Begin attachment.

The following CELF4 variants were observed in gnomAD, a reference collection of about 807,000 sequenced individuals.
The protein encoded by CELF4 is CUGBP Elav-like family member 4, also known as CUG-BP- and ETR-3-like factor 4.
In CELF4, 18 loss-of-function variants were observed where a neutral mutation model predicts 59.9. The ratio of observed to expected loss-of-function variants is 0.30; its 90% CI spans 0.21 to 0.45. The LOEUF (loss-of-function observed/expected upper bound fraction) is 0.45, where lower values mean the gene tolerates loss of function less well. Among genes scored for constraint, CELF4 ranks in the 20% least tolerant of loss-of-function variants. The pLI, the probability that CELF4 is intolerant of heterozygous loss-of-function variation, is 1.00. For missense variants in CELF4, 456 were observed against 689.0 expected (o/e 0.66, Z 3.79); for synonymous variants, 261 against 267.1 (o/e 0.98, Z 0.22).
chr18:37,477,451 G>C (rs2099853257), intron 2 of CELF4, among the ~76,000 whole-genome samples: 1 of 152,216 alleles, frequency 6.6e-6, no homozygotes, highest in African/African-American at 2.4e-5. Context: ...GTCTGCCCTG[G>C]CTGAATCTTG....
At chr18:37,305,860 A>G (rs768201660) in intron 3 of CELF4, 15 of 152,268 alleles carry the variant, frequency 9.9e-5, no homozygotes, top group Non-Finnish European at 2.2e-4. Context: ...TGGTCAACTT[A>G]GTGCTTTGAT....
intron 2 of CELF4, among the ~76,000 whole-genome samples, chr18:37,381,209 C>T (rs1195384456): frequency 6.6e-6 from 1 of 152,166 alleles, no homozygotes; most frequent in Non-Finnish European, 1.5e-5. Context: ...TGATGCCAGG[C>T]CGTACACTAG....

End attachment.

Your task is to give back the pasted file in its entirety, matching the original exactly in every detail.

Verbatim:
The following CELF4 variants were observed in gnomAD, a reference collection of about 807,000 sequenced individuals.
The protein encoded by CELF4 is CUGBP Elav-like family member 4, also known as CUG-BP- and ETR-3-like factor 4.
In CELF4, 18 loss-of-function variants were observed where a neutral mutation model predicts 59.9. The ratio of observed to expected loss-of-function variants is 0.30; its 90% CI spans 0.21 to 0.45. The LOEUF (loss-of-function observed/expected upper bound fraction) is 0.45, where lower values mean the gene tolerates loss of function less well. Among genes scored for constraint, CELF4 ranks in the 20% least tolerant of loss-of-function variants. The pLI, the probability that CELF4 is intolerant of heterozygous loss-of-function variation, is 1.00. For missense variants in CELF4, 456 were observed against 689.0 expected (o/e 0.66, Z 3.79); for synonymous variants, 261 against 267.1 (o/e 0.98, Z 0.22).
chr18:37,477,451 G>C (rs2099853257), intron 2 of CELF4, among the ~76,000 whole-genome samples: 1 of 152,216 alleles, frequency 6.6e-6, no homozygotes, highest in African/African-American at 2.4e-5. Context: ...GTCTGCCCTG[G>C]CTGAATCTTG....
At chr18:37,305,860 A>G (rs768201660) in intron 3 of CELF4, 15 of 152,268 alleles carry the variant, frequency 9.9e-5, no homozygotes, top group Non-Finnish European at 2.2e-4. Context: ...TGGTCAACTT[A>G]GTGCTTTGAT....
intron 2 of CELF4, among the ~76,000 whole-genome samples, chr18:37,381,209 C>T (rs1195384456): frequency 6.6e-6 from 1 of 152,166 alleles, no homozygotes; most frequent in Non-Finnish European, 1.5e-5. Context: ...TGATGCCAGG[C>T]CGTACACTAG....